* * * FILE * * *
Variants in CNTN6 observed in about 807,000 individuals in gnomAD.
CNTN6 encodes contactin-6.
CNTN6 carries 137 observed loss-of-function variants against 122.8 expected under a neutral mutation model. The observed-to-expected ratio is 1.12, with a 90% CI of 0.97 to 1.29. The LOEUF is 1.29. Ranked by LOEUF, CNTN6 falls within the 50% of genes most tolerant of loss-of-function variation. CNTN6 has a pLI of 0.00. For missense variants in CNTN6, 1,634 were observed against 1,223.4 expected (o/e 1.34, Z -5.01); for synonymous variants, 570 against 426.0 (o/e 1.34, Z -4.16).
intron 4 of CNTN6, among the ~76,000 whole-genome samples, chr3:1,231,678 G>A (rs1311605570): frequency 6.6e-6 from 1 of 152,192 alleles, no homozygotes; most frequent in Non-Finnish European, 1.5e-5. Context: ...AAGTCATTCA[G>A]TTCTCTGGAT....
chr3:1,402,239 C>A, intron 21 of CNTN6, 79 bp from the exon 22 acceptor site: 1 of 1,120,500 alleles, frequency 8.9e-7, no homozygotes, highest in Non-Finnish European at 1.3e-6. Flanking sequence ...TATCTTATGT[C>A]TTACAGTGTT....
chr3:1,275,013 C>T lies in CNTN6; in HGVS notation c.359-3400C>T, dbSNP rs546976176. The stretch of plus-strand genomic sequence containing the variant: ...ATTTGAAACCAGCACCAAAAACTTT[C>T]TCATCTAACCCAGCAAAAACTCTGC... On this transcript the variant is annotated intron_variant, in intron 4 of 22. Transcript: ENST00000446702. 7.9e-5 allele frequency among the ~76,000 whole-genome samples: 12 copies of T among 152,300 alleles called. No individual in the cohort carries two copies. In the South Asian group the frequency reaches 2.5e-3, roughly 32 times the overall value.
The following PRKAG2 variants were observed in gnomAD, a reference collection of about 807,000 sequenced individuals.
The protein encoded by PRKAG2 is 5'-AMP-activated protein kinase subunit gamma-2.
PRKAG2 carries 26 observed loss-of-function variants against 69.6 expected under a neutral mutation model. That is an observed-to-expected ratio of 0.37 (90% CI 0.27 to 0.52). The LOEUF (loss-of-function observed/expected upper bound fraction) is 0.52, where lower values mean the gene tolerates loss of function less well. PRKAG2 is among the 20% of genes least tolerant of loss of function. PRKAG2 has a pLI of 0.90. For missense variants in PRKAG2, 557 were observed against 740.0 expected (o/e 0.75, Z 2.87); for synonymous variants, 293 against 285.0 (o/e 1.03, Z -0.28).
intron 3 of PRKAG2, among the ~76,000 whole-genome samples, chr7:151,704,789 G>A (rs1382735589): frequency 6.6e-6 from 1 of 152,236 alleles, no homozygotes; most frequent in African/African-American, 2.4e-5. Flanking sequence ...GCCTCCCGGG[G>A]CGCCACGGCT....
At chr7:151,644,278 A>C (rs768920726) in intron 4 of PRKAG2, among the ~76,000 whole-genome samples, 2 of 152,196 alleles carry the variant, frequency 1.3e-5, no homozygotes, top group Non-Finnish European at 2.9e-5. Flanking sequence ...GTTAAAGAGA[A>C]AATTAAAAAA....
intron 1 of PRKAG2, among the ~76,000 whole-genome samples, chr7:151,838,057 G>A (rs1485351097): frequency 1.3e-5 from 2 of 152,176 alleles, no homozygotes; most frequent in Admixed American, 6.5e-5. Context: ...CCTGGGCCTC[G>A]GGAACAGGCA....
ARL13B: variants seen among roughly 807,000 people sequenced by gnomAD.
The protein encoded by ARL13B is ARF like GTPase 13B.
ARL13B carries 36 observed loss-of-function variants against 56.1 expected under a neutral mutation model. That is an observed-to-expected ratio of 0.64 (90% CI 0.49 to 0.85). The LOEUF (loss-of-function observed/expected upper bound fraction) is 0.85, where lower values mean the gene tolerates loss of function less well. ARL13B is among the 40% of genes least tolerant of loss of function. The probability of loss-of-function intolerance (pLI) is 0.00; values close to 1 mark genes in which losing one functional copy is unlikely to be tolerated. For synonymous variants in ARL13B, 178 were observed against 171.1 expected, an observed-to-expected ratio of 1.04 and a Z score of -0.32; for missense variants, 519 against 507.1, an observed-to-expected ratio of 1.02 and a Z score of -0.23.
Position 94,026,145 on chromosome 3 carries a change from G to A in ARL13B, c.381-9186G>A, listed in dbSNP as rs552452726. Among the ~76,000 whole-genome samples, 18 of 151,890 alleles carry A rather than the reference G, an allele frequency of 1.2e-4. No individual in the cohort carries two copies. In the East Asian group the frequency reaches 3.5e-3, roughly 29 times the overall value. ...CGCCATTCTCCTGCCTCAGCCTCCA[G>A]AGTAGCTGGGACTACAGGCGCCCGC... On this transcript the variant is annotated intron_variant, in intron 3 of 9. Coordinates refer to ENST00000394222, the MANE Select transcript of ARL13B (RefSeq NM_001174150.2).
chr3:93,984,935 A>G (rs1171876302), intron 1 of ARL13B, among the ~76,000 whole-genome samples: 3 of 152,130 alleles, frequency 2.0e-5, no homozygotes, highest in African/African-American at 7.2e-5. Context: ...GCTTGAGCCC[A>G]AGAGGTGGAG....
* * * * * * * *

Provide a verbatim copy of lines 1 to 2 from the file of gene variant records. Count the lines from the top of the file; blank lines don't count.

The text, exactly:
Variants in CNTN6 observed in about 807,000 individuals in gnomAD.
CNTN6 encodes contactin-6.